A spate of viral illnesses led to the highest number of winter deaths in Dundee for a decade, a medical chief has revealed.
New figures have shown that 688 people died in the city between December and March, up from 525 the previous year.
The figures matched the position across Scotland, where there was an overall number of deaths rise.
However, Dr Andrew Russell, NHS Tayside medical director, says there were some specific reasons for the spike in this region despite a lower level of flu than average.
He said: “Today’s figures show that last winter was a challenging one for health boards across the country.
“However, these figures should not be considered in isolation as they are influenced by many factors, such as the weather and the increasing frailty of an aging population.
“During last year’s winter period, NHS Tayside experienced a significant increase in the number of patients being admitted into our hospitals from the community with viral illnesses, including respiratory conditions with many patients acutely ill.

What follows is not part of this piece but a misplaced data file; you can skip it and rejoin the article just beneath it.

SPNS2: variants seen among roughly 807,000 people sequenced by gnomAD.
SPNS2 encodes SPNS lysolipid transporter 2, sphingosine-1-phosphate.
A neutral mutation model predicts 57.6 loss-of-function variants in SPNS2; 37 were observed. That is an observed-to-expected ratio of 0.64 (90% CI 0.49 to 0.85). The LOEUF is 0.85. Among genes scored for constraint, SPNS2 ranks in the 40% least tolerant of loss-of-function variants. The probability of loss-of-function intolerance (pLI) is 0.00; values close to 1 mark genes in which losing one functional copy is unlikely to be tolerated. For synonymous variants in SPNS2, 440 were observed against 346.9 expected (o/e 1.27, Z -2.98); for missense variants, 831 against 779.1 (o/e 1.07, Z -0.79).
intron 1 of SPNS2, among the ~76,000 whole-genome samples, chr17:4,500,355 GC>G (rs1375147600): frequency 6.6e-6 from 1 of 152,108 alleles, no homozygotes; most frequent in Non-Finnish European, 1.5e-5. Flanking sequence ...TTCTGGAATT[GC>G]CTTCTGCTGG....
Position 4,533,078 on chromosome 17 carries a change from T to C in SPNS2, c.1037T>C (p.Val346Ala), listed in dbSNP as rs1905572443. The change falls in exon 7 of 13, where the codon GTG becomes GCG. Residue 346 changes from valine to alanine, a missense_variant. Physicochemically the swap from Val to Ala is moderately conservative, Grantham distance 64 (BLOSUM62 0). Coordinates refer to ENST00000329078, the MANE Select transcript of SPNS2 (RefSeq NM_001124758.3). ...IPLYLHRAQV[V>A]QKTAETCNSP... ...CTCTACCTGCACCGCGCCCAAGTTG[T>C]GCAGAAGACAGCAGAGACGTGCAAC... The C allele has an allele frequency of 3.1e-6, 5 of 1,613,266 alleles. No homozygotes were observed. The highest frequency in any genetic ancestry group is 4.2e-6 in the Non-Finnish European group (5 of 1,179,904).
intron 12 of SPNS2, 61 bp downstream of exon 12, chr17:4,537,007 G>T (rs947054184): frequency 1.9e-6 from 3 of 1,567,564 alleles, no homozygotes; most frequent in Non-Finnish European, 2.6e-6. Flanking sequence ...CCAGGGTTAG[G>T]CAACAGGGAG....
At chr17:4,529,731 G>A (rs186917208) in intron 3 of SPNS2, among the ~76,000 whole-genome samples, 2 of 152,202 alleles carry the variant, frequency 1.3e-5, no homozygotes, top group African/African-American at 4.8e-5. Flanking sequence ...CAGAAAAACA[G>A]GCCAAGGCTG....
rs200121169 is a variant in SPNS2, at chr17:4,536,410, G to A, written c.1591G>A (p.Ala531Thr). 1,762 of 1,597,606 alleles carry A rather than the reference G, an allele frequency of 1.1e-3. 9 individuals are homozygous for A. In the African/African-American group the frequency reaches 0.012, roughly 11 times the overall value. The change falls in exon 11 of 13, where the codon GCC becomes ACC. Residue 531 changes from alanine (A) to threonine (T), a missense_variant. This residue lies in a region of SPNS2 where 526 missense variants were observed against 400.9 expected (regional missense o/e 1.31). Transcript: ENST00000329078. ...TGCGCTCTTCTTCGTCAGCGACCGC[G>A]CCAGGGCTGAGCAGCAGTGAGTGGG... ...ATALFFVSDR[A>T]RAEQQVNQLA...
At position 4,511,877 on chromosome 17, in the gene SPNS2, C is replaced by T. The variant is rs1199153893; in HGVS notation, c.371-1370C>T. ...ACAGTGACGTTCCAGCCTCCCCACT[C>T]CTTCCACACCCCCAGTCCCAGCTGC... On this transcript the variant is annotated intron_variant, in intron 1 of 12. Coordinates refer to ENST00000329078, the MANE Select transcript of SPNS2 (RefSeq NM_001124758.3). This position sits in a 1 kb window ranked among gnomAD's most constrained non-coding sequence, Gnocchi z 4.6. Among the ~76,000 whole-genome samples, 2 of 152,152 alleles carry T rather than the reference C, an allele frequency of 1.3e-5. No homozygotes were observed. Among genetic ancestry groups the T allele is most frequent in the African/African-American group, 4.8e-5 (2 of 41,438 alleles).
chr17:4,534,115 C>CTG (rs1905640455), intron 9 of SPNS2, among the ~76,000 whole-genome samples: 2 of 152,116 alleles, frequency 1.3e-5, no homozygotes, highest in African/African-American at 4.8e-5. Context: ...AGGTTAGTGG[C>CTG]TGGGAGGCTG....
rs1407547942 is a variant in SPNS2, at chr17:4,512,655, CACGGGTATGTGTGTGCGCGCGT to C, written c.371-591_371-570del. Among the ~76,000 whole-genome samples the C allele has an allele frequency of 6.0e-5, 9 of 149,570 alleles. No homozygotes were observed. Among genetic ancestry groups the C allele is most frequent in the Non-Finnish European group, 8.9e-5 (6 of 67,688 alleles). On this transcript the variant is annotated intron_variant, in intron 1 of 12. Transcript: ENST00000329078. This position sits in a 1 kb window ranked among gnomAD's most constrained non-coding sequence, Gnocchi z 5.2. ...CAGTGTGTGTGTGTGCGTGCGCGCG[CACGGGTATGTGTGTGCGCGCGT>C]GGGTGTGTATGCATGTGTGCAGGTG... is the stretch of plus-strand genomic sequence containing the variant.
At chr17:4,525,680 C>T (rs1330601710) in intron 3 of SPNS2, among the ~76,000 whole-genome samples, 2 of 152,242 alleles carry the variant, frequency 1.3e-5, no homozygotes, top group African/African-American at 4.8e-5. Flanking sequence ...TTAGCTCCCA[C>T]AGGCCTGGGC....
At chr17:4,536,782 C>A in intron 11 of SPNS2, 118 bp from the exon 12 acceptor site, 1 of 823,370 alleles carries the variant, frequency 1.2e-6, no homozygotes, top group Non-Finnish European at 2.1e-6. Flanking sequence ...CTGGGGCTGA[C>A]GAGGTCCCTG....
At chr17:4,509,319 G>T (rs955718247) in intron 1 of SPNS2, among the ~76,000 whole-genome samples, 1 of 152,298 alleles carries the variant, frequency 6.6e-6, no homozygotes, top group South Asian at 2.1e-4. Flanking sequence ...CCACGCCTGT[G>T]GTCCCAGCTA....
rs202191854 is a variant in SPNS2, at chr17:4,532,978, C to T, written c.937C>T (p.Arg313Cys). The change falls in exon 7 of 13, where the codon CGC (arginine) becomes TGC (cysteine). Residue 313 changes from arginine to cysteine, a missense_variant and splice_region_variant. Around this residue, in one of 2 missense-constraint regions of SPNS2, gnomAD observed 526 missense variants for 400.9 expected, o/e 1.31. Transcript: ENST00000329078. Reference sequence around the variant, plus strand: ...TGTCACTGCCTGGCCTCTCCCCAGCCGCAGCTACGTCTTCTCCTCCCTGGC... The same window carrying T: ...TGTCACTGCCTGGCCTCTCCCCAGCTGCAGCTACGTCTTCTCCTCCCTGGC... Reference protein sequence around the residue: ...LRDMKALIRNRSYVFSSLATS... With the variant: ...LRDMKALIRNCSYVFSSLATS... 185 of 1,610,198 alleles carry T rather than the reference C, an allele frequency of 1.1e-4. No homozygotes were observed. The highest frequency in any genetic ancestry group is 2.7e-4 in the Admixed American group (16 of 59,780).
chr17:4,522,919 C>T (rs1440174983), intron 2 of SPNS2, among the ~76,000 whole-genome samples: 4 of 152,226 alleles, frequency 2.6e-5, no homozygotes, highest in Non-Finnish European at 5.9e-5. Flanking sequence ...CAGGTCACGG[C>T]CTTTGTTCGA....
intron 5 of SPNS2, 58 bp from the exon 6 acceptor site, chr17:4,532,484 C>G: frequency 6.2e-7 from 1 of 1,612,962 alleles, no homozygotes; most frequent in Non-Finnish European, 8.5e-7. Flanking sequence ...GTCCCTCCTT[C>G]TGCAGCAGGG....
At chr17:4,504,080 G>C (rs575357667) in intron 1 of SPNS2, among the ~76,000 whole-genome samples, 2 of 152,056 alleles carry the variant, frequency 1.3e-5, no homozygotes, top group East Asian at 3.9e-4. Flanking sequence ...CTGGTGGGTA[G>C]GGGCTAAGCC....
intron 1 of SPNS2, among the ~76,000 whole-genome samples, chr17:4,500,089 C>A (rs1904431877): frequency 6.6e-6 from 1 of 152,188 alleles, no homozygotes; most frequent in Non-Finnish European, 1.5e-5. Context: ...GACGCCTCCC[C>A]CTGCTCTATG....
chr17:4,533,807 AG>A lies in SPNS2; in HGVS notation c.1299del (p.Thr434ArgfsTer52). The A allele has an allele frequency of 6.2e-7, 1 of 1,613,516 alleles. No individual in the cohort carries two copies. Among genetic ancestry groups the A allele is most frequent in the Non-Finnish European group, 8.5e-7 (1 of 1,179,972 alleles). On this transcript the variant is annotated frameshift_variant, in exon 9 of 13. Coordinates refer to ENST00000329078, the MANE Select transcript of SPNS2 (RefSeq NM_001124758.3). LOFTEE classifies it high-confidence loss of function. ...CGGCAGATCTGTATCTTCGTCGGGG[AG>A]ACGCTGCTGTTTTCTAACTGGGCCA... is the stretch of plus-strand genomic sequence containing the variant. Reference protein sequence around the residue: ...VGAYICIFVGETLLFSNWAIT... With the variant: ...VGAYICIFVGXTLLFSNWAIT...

“While in many cases, flu may not have been the main cause of death, it can aggravate underlying long-term conditions and may have impacted on the sick and elderly last winter.
“It is important that we do everything we can to prevent serious illness this winter.”
A spokesman for charity Age Scotland believes the problem is linked to people’s living conditions.
He said: “The poor condition of Scotland’s existing housing stock means much of the energy older people use trying to stay warm will be lost.”